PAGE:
I read the EU council recommendation carefully. It’s specially not based on nationality, but rather based on country of residence, however “residence” is not defined and the determination of such would be at the whim of the immigrations agent at the border. My suggestion is to have a copy of the rule as well as proof of residence abroad, several copies, and a clear understanding of how they should interpret it based on precedent.

source: https://data.consilium.europa.eu/doc...20-INIT/en/pdf
I would not bother reading the EU documents. They may help to inform what Member States do, but they are of little interest to the traveler.

Go to the entry requirements for the specific Member States you intend to enter and transit and read the specific requirements for those States. The definitions are particularly important as are the specifics of terms such as "quarantine" and "isolation" and those vary by State.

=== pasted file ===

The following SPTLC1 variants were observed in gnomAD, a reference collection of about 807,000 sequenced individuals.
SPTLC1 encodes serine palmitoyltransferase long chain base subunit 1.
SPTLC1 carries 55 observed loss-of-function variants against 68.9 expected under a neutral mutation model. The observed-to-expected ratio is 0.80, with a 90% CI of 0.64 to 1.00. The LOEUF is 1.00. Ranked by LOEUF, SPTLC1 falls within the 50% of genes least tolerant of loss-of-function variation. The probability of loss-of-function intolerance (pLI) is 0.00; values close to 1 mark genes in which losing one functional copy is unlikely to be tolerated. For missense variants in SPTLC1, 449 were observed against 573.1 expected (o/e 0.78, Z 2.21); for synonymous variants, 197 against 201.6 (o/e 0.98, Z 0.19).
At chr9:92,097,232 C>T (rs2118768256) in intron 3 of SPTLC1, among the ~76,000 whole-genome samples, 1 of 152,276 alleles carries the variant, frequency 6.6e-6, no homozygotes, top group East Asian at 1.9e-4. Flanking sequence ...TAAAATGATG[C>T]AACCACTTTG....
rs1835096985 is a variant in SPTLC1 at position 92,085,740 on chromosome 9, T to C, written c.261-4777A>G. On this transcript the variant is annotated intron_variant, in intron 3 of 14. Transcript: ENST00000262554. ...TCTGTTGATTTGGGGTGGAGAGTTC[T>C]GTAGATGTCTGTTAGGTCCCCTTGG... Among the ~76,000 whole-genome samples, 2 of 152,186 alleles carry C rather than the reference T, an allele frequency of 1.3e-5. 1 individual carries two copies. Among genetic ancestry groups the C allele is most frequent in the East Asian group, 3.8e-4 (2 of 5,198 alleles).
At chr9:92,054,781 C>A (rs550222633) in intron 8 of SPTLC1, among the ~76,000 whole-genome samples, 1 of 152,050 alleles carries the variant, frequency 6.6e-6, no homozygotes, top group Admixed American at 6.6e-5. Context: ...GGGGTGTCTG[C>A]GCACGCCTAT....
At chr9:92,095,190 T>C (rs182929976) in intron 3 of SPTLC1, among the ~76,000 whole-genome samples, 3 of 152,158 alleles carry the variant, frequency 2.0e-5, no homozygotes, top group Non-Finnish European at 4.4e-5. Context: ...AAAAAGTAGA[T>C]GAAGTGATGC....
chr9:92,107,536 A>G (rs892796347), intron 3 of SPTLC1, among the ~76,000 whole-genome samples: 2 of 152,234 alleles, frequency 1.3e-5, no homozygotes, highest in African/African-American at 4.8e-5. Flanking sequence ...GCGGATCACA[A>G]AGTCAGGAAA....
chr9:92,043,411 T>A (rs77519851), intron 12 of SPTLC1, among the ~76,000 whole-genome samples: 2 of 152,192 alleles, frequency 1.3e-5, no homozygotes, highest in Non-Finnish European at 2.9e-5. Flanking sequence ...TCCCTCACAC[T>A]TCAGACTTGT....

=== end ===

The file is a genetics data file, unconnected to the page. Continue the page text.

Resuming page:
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Old Jul 13, 20, 1:02 pm
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Norway, a schengen country does not grant access to anyone from outside the EU except if you can prove you’re in a relationship with someone living here or a family member. It is based on country of residency I believe. Not sure what checks are still in place at the border, but the border with Sweden is based on trust with spot checks. Certain EU countries are barred from entry (not strictly as you can enter subject to quarantine). UK publish a full list of who can be permitted entry too.
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Old Jul 28, 20, 2:50 am
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this website. Sometimes slow to load, but generally upto date and easy to see relevant information in an organised manner!

https://reopen.europa.eu/#/en
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Old Jul 28, 20, 4:34 am
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Originally Posted by timesnaps View Post
this website. Sometimes slow to load, but generally upto date and easy to see relevant information in an organised manner!